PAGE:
Summer Fixes to a Winter Problem
The house in question is a “pretty tight” house. Last winter it had condensation and mold in the kitchen. Could it be that it is too tight? What could the owner do?”
Needless to say, there is no trace of the problem now. It’s summer. The windows are open, the place is well ventilated. One source of excess winter moisture is likely to be the overly humid, moist basement. With the heating system on, much of this moisture would be driven up into the house. Cooking, long showers, watering plants, drying clothes on an indoor line are other likely moisture sources. In winter all the warm, moist air is trapped in a tight house. Excess moisture may then condense on cool surfaces, for instance when, in order to cut heating costs, the occupants turn the thermostat way down at night and while away at work.
Problems like this are opportunities. The following five recommendations will minimize indoor moisture, while also improving the house, saving money, and solving several other problems.
- Install heat recovery ventilation to remove excess winter moisture without wasting heat. There are highly efficient ductless devices available, ideal for retrofit application in older houses.
- Replace the old “boilermate” in the basement with a heat pump water heater. This will conserve oil since the boiler will not be running outside the heating season. The savings will help the heat pump water heater pay for itself. In addition to heating water more efficiently, this appliance will help dehumidify the basement year round, keeping it dry. (Of course, the condensate from the heat pump must be removed, e.g.: by a sump pump). A heat pump water heater is efficient, because it draws its heat-energy from the basement air. It will, therefore, cool the basement somewhat, making for good root cellar conditions year-round.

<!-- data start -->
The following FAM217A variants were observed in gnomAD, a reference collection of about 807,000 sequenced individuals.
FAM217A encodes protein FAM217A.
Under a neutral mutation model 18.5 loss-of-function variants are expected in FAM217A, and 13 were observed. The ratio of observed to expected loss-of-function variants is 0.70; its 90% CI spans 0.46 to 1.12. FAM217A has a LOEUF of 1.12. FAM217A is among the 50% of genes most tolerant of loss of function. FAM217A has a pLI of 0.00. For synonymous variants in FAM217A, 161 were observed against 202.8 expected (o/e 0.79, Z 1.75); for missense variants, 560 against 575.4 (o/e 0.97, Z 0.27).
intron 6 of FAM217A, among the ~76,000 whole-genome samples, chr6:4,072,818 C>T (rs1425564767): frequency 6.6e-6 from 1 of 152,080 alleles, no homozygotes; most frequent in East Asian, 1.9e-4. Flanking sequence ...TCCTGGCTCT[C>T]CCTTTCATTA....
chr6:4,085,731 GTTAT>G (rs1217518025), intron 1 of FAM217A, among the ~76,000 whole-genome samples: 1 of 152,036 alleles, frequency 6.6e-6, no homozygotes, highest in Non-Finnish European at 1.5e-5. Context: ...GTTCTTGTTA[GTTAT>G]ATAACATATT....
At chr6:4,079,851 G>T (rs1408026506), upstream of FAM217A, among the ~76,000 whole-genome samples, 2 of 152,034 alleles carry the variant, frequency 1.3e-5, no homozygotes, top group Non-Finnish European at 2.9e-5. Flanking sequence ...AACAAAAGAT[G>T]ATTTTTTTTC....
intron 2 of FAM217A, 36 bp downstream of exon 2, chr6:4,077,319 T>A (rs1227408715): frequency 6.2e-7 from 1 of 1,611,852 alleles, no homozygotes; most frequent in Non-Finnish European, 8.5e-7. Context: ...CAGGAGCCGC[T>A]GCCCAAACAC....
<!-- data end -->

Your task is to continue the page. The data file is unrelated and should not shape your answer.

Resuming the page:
- Seal the basement ceiling to prevent moist air rising into the living space and insulate it to conserve heating fuel by preventing the basement from cooling the living space above.
- Consider installing a ductless heat pump to heat the house with — instead of oil — cutting heating costs in half, with summer cooling as a bonus.
- Install solar panels to reduce occupancy costs even further.
Of course, there is up-front investment involved. However, the moisture problem will go away and heating osts will be halved, helping pay for it all. In addition, net metering at the retail rate will benefit everyone on the grid, including the electric utility, because most free solar electricity is fed into the grid precisely when peak power prices are highest. In fact, each installed solar kilowatt generates 1,200 kWh of electricity per year and saves all ratepayers 10.9¢/kWh, or $3,000 over 25 years. It also reduces carbon pollution by about 1,276 pounds and locks in an electric rate for 40+ years. That’s according to the PUC’s Value of Solar report.
Rooftop solar also increases a home's resale value. So, it appears that to do nothing is the costliest option.